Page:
When asked about their reasons for fewer planned camping trips, 43 percent blamed lack of time because of work and school commitments and 33 percent said family commitments kept them from camping. Only 4 percent said they planned to camp less because it is too expensive. Camping, an outdoor activities in general, are an entertainment bargain. Where else can a person engage so easily in healthy, high quality, local entertainment so regularly, with so little investment.
According to the survey, the most popular form of camping remains tent camping in public parks, however reports indicate an increasing number of Americans are now staying at private campgrounds that offer such amenities as flush toilets, wireless Internet and heated pools.
It appears Americans still want to play Daniel Boone, but they still need flush toilets, cell coverage, internet access and a host of other modern tools to ‘rough it’ the easy way.
As participation rates for camping continue to experience a steady decline, so too have participation rates for a variety of outdoor pursuits. Across the board, participation rates for children aged 6-17 in activities such as hiking, fishing, biking and other outdoor activities have dropped over 11 percent since 2007. Girls experienced the largest decline falling 16 percent, while boys fell about 7 percent.
It is just another sign of the times we live in, where everyone views everything through the filter of an electronic screen. Knowledge largely comes from a box, not from an actual, hands-on experience. Reportedly, the average teenager now spends approximately 37.5 hours a week, staring at the screen of a cell phone, video game, or a television.
Never before have the children of our nation suffered such a disconnect from the outdoors. It is frightening to realize that by the time they are just six years of age, the average child can readily recognize over 1,000 corporate logos, yet they can’t identify any of the trees, plants, birds or bugs that can be found in their own backyard.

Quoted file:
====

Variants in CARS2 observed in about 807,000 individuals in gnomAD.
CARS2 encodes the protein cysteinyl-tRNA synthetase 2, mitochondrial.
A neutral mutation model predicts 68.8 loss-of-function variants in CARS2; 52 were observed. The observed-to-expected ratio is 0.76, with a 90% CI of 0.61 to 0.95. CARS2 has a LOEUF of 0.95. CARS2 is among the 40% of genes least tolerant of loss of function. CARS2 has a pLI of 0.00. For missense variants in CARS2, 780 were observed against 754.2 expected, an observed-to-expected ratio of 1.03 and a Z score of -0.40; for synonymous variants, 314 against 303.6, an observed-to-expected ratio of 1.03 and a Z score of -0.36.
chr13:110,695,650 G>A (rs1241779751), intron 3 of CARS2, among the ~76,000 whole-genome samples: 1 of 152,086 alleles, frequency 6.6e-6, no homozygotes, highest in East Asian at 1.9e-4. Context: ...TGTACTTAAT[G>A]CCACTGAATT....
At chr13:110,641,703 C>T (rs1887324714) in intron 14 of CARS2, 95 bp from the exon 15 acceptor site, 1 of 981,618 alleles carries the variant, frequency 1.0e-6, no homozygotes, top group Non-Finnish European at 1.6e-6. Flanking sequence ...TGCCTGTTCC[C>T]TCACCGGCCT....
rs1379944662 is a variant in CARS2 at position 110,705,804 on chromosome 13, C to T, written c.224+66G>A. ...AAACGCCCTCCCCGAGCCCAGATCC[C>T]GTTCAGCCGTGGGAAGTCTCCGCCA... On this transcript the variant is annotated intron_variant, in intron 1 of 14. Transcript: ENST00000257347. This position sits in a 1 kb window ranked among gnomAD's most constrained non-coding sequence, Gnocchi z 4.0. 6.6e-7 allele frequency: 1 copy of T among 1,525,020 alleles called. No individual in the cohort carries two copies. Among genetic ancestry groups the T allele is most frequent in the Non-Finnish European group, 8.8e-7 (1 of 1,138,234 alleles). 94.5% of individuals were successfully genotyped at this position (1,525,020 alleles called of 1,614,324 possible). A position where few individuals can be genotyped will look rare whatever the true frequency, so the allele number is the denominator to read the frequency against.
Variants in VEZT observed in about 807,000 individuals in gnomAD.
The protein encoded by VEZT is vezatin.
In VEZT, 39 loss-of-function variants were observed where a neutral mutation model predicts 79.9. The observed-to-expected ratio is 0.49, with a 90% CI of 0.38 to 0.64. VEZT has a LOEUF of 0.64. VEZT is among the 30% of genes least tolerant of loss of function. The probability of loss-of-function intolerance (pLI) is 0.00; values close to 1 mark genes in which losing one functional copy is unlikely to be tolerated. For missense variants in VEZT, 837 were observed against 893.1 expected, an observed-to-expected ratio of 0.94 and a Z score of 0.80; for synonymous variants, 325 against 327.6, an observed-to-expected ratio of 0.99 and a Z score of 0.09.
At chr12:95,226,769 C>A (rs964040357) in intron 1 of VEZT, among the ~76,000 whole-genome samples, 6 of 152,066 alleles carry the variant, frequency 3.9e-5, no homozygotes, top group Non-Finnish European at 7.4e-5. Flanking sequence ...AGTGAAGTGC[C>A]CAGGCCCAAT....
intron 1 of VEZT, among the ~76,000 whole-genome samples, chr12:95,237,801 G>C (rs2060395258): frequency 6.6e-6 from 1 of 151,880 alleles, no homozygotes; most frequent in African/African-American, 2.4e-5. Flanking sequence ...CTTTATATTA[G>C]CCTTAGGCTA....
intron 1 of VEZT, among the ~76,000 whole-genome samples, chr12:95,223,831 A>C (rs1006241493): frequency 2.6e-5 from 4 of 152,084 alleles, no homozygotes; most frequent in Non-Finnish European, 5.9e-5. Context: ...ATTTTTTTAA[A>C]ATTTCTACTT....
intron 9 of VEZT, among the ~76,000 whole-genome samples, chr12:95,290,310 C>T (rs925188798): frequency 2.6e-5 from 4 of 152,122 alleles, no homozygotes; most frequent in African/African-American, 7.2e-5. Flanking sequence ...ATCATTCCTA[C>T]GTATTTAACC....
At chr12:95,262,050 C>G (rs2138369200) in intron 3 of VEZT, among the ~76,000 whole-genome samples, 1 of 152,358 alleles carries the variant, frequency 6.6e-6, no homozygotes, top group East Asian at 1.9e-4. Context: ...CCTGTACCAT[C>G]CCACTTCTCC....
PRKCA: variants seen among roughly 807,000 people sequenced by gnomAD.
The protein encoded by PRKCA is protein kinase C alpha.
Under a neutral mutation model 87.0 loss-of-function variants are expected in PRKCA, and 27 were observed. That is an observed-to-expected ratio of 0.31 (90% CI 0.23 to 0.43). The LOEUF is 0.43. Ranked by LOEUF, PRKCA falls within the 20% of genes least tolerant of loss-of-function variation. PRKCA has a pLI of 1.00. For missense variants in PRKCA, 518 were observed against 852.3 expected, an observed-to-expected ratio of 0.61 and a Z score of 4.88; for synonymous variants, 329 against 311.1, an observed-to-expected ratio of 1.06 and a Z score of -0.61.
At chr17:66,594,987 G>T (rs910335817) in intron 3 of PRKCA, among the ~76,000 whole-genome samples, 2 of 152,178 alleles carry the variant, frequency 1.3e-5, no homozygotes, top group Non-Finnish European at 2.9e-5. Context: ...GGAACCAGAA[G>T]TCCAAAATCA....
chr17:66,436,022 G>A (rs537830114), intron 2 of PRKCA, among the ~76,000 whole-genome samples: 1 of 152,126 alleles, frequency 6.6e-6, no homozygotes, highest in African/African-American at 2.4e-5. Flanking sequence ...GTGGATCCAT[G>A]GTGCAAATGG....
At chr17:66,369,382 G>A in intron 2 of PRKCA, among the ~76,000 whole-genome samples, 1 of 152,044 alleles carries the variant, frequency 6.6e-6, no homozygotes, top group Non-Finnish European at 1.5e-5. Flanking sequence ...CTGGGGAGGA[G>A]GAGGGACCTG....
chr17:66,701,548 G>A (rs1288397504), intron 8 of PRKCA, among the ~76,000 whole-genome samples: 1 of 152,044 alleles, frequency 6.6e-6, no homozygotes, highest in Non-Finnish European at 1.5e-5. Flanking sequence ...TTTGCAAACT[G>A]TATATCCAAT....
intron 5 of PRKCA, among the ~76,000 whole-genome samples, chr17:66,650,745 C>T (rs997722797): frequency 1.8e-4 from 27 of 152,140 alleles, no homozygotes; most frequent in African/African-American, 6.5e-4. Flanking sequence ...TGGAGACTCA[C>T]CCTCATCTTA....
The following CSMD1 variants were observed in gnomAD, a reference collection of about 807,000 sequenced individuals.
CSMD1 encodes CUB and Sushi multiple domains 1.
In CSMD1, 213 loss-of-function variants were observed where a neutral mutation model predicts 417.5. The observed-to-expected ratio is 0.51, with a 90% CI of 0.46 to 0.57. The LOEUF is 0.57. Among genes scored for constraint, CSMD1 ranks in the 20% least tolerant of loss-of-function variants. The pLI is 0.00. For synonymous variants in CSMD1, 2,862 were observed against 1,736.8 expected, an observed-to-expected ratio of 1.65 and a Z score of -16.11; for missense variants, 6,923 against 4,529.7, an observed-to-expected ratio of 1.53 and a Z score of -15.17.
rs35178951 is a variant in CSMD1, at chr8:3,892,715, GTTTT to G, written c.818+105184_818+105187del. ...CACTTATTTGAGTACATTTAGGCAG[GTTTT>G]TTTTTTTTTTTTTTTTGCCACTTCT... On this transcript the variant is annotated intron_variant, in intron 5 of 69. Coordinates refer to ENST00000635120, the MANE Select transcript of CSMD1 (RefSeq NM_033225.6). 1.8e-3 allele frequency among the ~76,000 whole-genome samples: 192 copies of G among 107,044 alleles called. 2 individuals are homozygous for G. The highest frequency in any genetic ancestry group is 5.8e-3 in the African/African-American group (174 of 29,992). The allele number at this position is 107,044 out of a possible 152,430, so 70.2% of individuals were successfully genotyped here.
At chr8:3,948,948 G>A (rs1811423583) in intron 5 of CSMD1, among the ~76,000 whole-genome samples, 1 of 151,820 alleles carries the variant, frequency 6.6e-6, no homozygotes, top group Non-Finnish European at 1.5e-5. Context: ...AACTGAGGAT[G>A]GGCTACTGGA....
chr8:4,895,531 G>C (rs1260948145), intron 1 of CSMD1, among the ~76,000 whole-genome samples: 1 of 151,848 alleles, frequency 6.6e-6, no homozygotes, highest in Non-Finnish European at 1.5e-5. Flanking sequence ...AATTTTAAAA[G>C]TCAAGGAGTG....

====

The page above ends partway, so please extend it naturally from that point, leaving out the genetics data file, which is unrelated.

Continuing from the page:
From a public health perspective, the residual effects of this indoor lifestyle are often compounded by a lack of regular exercise. The result are already apparent with a startling rise in rates of childhood obesity, and the onset of one-time adult conditions such as diabetes and a shortened life expectancy.
Connected to the Land
The easiest and most effective method to address the growing disconnect, is to pass on your own personal values and ethics of outdoor recreation, by inviting others to join you in the woods and on the waters. Another safe bet is to join a local Fish and Game or Rod and Gun Club, where other like minded folks gather regularly to enjoy the outdoors.
A simple invitation is the most cost-effective way to improve and increase participation. It is a well established fact that most youth are introduced to outdoor activities by parents, friends, family, or relatives. Being a responsible outdoorsman or women, requires taking on the responsibility of passing down your knowledge to others.
The opportunity to have fun is by far the most common motivation for participating in outdoor activities. Other motivators include discovery, exploration, new experiences, and exercise, but beyond all else, it must be fun; even if they do eventually end up learning something in the process.
Joe Hackett is a guide and sportsman residing in Ray Brook. Contact him at firstname.lastname@example.org.